Xstrata suspends A$586m spending
“Xstrata, the Anglo-Swiss miner, said it had “suspended” A$586m (US$498m) in spending on coal and copper projects after reviewing operations in Australia in the weeks since Canberra announced plans for a new 40 per cent resources super profits tax.
It comes as the world’s biggest mining houses battle the Australian government over a tax that is scheduled to come into force in just over two years, provided it clears the legislative process. Miners have waged a high-profile campaign to warn that the tax will damage Australia’s international competitiveness and jeopardise mining projects and jobs.”
Source: Financial Times, June 4 2010
- Until now only a limited number of companies have announced suspension of development. $0.5 bln by Xstrata, $15 bln by Fortescue (on very early stage projects) and a withdrawn takeover bid of Macarthur by Peabody.
- The tax proposal is unlikely to be passed before the Australian elections, making the actual implementation very uncertain.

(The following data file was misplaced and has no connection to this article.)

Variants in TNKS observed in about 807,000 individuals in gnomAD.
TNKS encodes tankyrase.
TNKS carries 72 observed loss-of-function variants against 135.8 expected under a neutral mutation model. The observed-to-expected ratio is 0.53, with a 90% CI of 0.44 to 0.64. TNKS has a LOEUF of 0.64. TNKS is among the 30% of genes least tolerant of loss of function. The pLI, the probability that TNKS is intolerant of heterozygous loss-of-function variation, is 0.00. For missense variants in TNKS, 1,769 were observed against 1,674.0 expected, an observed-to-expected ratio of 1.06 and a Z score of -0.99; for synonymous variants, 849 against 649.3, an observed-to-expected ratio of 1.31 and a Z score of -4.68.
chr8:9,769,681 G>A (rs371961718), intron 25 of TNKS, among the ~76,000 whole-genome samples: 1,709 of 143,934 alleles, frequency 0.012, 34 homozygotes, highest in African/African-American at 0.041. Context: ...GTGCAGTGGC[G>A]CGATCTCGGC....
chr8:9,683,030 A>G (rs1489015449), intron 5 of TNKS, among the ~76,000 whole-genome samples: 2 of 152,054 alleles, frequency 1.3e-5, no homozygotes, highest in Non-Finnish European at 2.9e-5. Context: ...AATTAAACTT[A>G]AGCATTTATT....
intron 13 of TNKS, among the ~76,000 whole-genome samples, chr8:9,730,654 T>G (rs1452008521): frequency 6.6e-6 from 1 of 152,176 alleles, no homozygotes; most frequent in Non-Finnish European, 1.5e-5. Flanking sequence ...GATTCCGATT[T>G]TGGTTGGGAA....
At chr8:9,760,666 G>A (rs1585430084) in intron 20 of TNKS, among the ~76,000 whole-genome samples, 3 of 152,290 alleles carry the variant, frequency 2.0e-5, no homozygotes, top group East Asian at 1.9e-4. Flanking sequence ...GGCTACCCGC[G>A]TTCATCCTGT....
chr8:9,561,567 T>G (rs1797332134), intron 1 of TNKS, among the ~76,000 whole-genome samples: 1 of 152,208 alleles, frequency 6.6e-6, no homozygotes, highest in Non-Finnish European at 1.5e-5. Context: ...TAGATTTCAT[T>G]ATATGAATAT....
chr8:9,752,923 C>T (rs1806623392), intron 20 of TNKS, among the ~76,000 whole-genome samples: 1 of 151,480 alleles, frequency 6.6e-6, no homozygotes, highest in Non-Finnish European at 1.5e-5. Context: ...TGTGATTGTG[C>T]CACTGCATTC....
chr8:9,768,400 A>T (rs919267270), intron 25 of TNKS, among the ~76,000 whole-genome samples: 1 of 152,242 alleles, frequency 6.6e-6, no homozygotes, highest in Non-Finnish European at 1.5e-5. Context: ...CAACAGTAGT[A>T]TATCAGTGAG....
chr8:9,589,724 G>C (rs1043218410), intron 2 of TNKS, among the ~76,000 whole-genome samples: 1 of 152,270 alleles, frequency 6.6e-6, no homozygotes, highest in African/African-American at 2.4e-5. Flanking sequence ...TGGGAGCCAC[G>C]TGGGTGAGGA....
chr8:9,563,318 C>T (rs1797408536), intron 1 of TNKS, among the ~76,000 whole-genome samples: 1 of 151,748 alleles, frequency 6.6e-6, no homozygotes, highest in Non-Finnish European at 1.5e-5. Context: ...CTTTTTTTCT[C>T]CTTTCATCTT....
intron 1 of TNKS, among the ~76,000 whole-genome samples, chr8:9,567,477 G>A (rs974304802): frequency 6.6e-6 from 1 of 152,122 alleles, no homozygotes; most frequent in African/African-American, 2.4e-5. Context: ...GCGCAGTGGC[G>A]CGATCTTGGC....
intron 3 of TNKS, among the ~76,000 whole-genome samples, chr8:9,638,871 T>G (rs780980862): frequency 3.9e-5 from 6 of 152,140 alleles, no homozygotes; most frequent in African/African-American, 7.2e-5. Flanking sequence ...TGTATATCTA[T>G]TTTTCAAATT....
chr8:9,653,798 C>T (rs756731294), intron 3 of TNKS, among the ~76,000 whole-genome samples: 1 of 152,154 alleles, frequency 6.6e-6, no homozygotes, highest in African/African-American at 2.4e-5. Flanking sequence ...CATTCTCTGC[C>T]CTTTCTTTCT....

- Mining companies and investors fear that other countries may follow Australia’s example and take a larger part of miner’s profits.
- The government has various options to get a deal on reforming mining taxes:
- Increase the “tax-free” rate of return of 6% to a threshold percentage more common in mining investments (12-15%)
- Only apply tax to new projects that didn’t start development. In this way current developments are not threatened. However, this will not solve the miner’s problem in the long run.
- Combine tax proposal with cut in state royalties (paid per ton of product instead of over profit). Only paying when making a profit reduces risk for the miners significantly. However, ideologically this is not in line with giving the locals a part of the value of the extracted resources.
Overview of implications of super profits tax
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